The Song of Sparrows is an easy, charming crowd-pleaser, produced by Iran's resident master of crowd-pleasers, Majid Majidi (whose Children of Heaven was an Oscar nominee for Best Foreign Language Film, making it perhaps unsurprising that Song of Sparrows was just announced as Iran's submission for that category this year). None of which should be taken to mean that it's mawkish or needlessly cute. Okay, it's kind of cute, but never mawkish.

Playing a bit like an alternative universe variant on Bicycle Thieves, Majidi's film focuses on family man Karim (Reza Naji), who works at an ostrich farm somewhere outside of Tehran. When we meet him, he's been hit with a tiny bit of a crisis: somehow, he has to raise $400 immediately to replace his elder daughter's broken hearing aid before her examinations. That would be plenty difficult for someone in his position, living essentially hand-to-mouth, but it gets even harder after he's fired from his job, presumably because of his role in the escape of one of the ostriches.

During a trip to Tehran to do whatever he can to wheedle a deal from the local hearing aid seller, something peculiar happens to Karim: as he idles on his motorbike at a stop sign, someone hops on the back and barks out a destination. Not knowing what else to do, Karim drives the man there, and for his troubles receives a sum of money representing a significant fraction of his old daily salary. From this moment on, Karim becomes a taxi driver and porter, carrying people and parcels across the city for sums of money that would have been unthinkable back in the days of his work on the ostrich farm. And something else happens, too: perhaps because of the money, perhaps because of the unthinkingly venal people who ride with him, and perhaps because he's just not equipped to deal with the seductive powers of the big city, Karim starts to learn greed, and as he makes a habit out of ending the day by bringing home some piece of useful junk, he begins to amass a fortune in second-hand goods, hoarding them even as they become less useful to him and much more useful to his desperate neighbors. While this is happening, two subplots keep him tethered to his former life: first, he keeps hearing about a phantom ostrich that lays its eggs all over the region, clearly the same bird that started the whole mess; second, his son continually nags about his own capitalist enterprise, starting a fish farm in the local water reservoir, though this plan is unambiguously that of a wide-eyed child with a penchant for fairy tales.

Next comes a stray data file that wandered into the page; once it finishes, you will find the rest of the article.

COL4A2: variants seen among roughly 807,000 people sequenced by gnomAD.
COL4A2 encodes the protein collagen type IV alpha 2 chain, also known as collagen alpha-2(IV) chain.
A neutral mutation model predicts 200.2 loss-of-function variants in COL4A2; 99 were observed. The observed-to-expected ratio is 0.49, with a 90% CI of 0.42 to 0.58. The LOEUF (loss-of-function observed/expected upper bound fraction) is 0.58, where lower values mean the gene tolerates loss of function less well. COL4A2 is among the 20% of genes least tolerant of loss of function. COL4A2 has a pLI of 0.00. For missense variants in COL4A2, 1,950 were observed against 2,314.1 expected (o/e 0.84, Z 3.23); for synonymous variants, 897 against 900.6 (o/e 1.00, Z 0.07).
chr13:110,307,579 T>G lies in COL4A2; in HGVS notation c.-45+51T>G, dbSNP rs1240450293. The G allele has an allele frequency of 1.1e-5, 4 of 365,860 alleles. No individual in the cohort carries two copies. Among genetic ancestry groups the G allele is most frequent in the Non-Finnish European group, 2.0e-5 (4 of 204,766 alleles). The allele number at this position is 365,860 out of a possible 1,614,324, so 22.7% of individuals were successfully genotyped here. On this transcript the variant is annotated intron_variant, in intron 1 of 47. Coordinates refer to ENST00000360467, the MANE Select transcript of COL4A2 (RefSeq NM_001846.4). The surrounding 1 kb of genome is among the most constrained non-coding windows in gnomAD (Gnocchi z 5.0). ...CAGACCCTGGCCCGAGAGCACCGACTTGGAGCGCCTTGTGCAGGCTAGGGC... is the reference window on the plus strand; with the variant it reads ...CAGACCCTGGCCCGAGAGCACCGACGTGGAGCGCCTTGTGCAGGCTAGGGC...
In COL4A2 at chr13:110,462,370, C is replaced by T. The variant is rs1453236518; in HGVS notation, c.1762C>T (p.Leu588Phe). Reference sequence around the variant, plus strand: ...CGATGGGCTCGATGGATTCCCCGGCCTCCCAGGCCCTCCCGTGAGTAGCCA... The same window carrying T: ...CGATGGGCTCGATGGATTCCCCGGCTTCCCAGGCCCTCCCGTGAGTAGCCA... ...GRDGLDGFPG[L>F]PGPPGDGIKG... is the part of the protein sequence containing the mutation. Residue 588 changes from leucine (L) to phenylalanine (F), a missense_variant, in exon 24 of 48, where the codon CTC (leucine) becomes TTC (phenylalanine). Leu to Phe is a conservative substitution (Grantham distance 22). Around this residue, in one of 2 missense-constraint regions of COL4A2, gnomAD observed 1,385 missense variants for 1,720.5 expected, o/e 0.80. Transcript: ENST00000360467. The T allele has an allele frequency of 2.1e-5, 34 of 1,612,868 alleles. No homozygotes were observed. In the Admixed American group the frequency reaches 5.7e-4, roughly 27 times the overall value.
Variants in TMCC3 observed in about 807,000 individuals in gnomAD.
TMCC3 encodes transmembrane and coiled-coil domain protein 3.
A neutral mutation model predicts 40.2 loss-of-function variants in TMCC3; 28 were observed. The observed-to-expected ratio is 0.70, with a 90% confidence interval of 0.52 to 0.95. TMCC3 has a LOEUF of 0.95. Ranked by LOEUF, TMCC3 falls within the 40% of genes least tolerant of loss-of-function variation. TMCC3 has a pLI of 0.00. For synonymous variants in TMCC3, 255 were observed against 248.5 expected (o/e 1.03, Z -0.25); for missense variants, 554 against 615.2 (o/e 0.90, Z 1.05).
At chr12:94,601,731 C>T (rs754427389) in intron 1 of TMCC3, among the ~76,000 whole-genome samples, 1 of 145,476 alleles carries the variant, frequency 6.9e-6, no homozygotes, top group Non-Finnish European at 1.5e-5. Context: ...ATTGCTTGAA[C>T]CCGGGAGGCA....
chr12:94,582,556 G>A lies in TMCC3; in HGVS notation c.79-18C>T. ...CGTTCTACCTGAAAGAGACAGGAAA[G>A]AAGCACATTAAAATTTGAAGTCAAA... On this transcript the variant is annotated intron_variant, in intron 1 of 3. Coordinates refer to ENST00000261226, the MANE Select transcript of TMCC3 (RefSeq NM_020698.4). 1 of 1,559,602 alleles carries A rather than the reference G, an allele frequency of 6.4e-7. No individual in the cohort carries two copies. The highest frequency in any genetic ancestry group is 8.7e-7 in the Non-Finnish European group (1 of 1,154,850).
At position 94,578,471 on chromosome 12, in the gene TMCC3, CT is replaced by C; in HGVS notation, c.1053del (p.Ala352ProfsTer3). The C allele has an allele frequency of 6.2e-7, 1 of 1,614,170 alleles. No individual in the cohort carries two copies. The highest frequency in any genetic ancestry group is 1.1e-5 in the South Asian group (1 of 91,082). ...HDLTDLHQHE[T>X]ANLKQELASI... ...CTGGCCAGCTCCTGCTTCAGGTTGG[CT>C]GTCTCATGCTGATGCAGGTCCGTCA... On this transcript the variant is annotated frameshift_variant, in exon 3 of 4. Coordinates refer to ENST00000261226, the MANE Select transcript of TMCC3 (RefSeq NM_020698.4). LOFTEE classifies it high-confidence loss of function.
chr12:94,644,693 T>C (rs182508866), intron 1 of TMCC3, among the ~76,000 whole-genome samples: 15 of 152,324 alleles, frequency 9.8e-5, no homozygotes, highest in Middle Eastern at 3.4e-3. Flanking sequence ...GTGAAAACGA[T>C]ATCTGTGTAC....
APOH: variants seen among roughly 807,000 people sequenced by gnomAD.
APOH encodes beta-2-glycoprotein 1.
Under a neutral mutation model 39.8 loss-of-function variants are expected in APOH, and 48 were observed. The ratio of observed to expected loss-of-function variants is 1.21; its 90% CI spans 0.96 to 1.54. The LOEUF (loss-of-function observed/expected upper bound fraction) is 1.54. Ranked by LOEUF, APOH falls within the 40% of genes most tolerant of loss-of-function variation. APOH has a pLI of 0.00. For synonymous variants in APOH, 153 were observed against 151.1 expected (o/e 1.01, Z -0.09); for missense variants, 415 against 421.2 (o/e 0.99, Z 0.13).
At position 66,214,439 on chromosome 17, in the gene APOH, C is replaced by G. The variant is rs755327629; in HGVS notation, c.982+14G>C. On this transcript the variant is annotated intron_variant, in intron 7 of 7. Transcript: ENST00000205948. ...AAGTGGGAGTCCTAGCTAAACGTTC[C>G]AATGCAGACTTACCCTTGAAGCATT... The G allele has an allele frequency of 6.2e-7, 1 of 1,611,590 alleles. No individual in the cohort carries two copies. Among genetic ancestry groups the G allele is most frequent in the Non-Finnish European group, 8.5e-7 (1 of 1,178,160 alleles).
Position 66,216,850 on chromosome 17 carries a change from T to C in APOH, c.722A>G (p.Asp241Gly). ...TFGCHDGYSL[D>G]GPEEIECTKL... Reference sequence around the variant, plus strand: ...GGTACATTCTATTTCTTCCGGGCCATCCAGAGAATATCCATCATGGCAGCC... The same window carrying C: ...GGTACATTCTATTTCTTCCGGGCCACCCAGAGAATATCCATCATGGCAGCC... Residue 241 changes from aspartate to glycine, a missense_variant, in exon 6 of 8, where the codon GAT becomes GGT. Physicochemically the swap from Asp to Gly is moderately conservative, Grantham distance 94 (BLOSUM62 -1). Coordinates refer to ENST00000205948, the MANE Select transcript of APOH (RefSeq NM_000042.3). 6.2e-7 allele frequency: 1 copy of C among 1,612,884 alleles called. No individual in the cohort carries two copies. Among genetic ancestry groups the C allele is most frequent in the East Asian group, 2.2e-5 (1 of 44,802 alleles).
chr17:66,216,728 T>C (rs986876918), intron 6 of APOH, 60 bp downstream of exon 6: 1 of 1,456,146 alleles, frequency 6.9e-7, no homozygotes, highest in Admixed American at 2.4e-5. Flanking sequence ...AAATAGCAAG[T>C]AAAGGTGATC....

Take this at face value, and it's frankly insulting: just a reductive story about a country bumpkin who can't process the big city morality of Tehran. But nothing about The Song of Sparrows asks to be taken at face value; this isn't a realist story so much as it is a pastoral romance. I'd hesitate to call Karim a metaphorical symbol, but he's clearly more than just a disgraced ostrich farmer. The closest comparison I can think of offhand is to Murnau's Sunrise, in which the man and woman at the center of the story represent earthy purity, and I hope that name-dropping that infinitely superior film doesn't make it seem like The Song of Sparrows is a gargantuan masterpiece, or something like that. It's just a similarly fabulous story about simplicity versus complexity, and how it is generally better to be generous than grasping.

Though the cast is uniformly fine (and I'd even tell you their names if the credits weren't in Arabic), the obvious stand-out is Naji, who won Best Actor at the Berlin Film Festival for his troubles. Karim is not a character who admits much possibility for subtlety, but Naji never succumbs to the temptation of playing to the rafters. In his performance, Karim is a quiet man with thoughtful eyes, far more clever than he lets on, and prone to speaking only when he has something to say. In fairness, much of Naji's performance is based on the screenplay and Majidi's direction: this is a surprisingly dialogue-light film, with many scenes playing out solely as we watch Karim isolated with his thoughts. The director stages most of the scenes in wide shots with minimal cutting, much as though we were watching all these things taking place on a stage. Though he's not above using some heavy-handed images when it suits him (the culmination of the plot to seed the reservoir with fish is a good example - there's even slow-motion involved, I'm sad to say), for the most part Majidi sticks to a very hands-off aesthetic, letting the film unfold with exquisite slowness.

Nothing about The Song of Sparrows marks it out as an especially great film, but it's doubtlessly moving and entertaining in a modest way. Simple pleasures are still pleasures, after all, and with Hollywood just revving up its Oscarbait engines, it's nice to have a reminder that America doesn't have a monopoly on sweetly uplifting movies about life lessons; hell, that we're not even necessarily the best at it.